With AWS IaaS acting as an industry leading standard, that doesn't mean that businesses should discount the value of implementing Azure instances in their cloud environments. After all, the multicloud is a burgeoning trend in which organizations use as many cloud services as they need to optimize operations, improve employee performance, and deliver products or services to clients and customers. Using both AWS and Azure in that sense seems logical.
A multicloud environment supporting both AWS and Azure would also assist businesses leveraging what Gartner refers to as "bimodel IT." This strategy encompasses two modes of IT. Mode 1 is dedicated to traditional enterprise IT, emphasizing scalability, efficiency and security, while Mode 2 focuses on agility and speed. Simply put, bimodel IT means that half of IT operations focus on keeping the business function and the rest improves the company by optimizing applications and creating new ones.
The bimodel IT approach is perfect for AWS and Azure. Businesses can use the former as a playground for testing and development - Mode 2 - while the latter provides all the necessary applications and supporting infrastructure. After all, AWS instances are blank slates, and Azure is more akin to a collection of cloud services.
As Barron's asserted, most existing applications are written and optimized for Windows, while competitors might require those programs to be rewritten to function in the cloud. AWS plays better with Linux, only supporting the fact that each cloud solution has its place in hybrid environments. The familiarity with Microsoft can allow business to work quickly while stable, and AWS is a great place to experiment with new applications, tools and technologies.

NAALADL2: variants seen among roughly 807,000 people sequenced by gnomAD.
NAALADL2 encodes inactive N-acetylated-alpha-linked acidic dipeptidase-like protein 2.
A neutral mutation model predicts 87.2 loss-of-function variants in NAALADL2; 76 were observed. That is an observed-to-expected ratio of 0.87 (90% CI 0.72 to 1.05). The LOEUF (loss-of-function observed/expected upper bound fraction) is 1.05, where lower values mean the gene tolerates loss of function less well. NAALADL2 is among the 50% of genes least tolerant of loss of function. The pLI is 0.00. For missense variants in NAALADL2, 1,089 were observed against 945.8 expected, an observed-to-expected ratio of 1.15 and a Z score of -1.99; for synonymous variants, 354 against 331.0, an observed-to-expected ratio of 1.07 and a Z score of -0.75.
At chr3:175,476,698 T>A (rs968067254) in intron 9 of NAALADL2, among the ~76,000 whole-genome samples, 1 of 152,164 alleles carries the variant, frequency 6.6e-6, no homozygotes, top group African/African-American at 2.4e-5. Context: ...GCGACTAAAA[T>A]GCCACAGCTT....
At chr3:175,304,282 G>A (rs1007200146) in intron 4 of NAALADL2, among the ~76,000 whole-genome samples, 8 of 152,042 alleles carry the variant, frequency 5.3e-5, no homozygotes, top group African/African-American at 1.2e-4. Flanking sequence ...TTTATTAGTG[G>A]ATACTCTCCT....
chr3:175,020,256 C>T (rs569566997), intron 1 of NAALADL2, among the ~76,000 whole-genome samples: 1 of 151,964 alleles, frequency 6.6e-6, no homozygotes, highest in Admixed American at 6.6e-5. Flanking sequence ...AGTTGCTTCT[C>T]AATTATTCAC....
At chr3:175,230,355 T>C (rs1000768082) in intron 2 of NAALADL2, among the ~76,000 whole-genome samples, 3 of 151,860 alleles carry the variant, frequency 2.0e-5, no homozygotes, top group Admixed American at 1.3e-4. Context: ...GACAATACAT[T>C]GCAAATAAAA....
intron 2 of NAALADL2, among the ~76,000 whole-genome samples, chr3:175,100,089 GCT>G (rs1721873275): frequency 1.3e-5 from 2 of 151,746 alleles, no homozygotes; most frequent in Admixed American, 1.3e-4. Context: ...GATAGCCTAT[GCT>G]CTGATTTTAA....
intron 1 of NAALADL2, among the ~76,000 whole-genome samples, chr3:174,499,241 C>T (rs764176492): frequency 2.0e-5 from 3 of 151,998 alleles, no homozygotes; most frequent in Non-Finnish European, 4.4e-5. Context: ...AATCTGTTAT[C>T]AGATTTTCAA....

"With a reliance on AWS and Azure, businesses will need to directly connect to hosted infrastructure."
The best multicloud approach
All signs point to a future when organizations are increasingly reliant of IaaS for mission-critical applications, and by working in the cloud now, when that day comes IT professionals will be ready. The question is whether their corporate networks are up for the challenge.
With such a reliance on AWS and Azure, businesses will need to directly connect to hosted infrastructure and services to essentially make those environments just another part of the corporate network. This will also improve security, as the public Internet is taken completely out of the public cloud picture. Direct connections will be in high demand very soon if Gartner's IaaS market predictions pan out.
At the end of the day, if AWS and Azure become the only two IaaS solution providers, businesses will not be upset. Using two cloud services could actually support organizations as they strive to take advantage of the cloud. The only downside on this reliance would be Internet connects - a problem that services such as Direct Connect were made to solve.
John Grady is a Senior Product Marketing Manager at XO Communications, who is responsible for marketing the XO Cloud and XO Connect product portfolios. John has been responsible for launching a number of products at XO Communications, including 100G service, new cloud offerings, and XO's Intelligent WAN solution.